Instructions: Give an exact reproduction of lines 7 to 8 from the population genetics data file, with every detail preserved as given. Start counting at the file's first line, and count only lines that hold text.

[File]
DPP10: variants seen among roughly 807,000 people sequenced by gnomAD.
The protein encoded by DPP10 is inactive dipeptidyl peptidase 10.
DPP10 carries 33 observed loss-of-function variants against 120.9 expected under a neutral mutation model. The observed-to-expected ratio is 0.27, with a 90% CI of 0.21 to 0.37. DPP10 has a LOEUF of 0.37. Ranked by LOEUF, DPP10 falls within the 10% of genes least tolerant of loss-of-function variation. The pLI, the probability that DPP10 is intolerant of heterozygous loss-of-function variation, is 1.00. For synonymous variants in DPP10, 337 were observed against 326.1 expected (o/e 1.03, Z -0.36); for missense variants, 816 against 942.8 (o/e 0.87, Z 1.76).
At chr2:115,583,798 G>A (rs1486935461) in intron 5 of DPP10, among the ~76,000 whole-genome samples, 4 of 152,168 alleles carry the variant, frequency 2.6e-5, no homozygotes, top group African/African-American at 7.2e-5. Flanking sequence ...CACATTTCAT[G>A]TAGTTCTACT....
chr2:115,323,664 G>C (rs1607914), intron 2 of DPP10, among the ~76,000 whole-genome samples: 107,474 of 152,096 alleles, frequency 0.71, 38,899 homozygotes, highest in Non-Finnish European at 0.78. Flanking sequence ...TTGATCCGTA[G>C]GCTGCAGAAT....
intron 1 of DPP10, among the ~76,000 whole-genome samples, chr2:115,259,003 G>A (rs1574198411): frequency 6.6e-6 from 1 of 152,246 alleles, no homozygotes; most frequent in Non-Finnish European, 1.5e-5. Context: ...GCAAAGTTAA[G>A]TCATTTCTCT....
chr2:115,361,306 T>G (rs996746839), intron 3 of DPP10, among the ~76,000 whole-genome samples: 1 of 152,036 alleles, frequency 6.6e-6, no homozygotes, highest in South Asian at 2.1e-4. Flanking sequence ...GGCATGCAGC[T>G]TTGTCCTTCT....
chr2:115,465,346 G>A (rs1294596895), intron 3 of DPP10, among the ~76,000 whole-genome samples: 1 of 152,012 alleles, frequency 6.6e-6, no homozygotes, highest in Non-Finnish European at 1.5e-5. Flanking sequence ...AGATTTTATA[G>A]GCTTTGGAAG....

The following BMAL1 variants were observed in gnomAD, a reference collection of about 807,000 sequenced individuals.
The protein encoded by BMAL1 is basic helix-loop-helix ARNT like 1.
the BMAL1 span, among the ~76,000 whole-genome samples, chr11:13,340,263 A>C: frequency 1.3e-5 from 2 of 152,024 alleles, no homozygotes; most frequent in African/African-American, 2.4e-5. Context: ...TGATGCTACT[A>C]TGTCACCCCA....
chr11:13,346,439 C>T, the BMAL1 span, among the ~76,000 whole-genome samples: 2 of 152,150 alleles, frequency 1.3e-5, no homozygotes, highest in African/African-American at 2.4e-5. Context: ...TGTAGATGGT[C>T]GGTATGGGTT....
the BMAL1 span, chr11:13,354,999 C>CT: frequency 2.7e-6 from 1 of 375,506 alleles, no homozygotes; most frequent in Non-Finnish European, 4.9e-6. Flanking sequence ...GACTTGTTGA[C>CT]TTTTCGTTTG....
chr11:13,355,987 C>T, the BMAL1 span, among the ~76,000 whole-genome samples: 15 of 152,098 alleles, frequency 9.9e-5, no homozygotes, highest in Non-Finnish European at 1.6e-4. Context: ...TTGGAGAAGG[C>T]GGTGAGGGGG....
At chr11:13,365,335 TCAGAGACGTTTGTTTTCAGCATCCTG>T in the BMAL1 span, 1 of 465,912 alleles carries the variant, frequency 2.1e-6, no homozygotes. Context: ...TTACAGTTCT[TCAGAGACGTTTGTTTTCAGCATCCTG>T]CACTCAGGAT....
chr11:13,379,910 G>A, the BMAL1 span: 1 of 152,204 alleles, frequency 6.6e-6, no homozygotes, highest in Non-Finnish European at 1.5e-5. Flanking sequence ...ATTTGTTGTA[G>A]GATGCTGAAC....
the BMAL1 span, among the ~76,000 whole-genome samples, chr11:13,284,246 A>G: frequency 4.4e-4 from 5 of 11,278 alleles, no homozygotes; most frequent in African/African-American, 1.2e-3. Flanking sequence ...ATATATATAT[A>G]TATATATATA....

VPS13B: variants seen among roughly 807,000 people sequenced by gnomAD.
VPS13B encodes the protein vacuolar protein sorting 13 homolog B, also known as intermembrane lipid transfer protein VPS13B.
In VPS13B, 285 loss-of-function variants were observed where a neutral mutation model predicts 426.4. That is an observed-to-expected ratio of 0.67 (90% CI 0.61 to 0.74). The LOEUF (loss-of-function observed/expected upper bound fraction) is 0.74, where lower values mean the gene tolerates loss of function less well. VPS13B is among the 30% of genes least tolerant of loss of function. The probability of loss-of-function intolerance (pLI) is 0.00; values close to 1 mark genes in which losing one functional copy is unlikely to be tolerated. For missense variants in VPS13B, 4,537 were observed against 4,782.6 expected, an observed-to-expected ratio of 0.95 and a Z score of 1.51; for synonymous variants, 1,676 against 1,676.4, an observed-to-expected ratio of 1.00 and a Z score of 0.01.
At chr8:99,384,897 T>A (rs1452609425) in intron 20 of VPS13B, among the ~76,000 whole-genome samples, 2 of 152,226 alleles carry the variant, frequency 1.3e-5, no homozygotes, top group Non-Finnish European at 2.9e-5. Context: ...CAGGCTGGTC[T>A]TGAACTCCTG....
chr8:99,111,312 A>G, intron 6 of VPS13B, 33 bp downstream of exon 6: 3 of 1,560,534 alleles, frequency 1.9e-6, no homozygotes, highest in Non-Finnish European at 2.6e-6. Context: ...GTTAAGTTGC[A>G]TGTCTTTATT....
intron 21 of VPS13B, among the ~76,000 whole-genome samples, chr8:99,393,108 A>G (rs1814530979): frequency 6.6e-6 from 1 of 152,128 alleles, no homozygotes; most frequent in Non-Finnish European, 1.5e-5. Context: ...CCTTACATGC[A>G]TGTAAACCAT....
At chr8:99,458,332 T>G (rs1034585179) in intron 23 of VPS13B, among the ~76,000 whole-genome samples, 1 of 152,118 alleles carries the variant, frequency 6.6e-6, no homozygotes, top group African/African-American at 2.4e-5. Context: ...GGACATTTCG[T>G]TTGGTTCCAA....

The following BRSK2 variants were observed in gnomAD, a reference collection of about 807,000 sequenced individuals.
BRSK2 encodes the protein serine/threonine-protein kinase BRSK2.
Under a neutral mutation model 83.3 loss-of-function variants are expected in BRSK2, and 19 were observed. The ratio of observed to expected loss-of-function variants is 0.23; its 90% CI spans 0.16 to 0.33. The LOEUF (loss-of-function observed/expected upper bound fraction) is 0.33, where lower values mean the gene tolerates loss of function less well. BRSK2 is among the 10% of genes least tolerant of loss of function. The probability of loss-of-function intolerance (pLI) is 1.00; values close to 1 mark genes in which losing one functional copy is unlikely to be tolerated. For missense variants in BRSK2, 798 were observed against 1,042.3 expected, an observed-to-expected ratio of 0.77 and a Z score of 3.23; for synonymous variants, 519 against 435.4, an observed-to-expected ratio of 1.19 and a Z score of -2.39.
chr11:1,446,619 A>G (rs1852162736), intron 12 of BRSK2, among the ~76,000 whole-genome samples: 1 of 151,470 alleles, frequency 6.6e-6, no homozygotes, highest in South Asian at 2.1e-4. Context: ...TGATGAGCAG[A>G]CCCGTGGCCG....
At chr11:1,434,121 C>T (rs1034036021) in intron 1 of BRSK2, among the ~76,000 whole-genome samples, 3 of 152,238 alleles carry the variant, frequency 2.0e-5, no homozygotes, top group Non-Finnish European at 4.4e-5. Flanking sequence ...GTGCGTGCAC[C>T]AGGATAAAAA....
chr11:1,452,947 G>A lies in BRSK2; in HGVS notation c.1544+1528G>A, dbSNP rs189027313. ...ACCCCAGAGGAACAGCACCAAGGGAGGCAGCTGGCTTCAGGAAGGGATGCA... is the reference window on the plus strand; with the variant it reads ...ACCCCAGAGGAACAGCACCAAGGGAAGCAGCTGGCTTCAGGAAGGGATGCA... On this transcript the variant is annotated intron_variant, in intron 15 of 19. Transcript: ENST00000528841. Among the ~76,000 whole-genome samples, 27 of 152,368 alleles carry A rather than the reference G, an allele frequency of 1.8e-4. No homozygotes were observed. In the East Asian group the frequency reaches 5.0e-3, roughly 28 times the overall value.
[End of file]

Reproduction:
chr2:115,361,306 T>G (rs996746839), intron 3 of DPP10, among the ~76,000 whole-genome samples: 1 of 152,036 alleles, frequency 6.6e-6, no homozygotes, highest in South Asian at 2.1e-4. Flanking sequence ...GGCATGCAGC[T>G]TTGTCCTTCT....
chr2:115,465,346 G>A (rs1294596895), intron 3 of DPP10, among the ~76,000 whole-genome samples: 1 of 152,012 alleles, frequency 6.6e-6, no homozygotes, highest in Non-Finnish European at 1.5e-5. Flanking sequence ...AGATTTTATA[G>A]GCTTTGGAAG....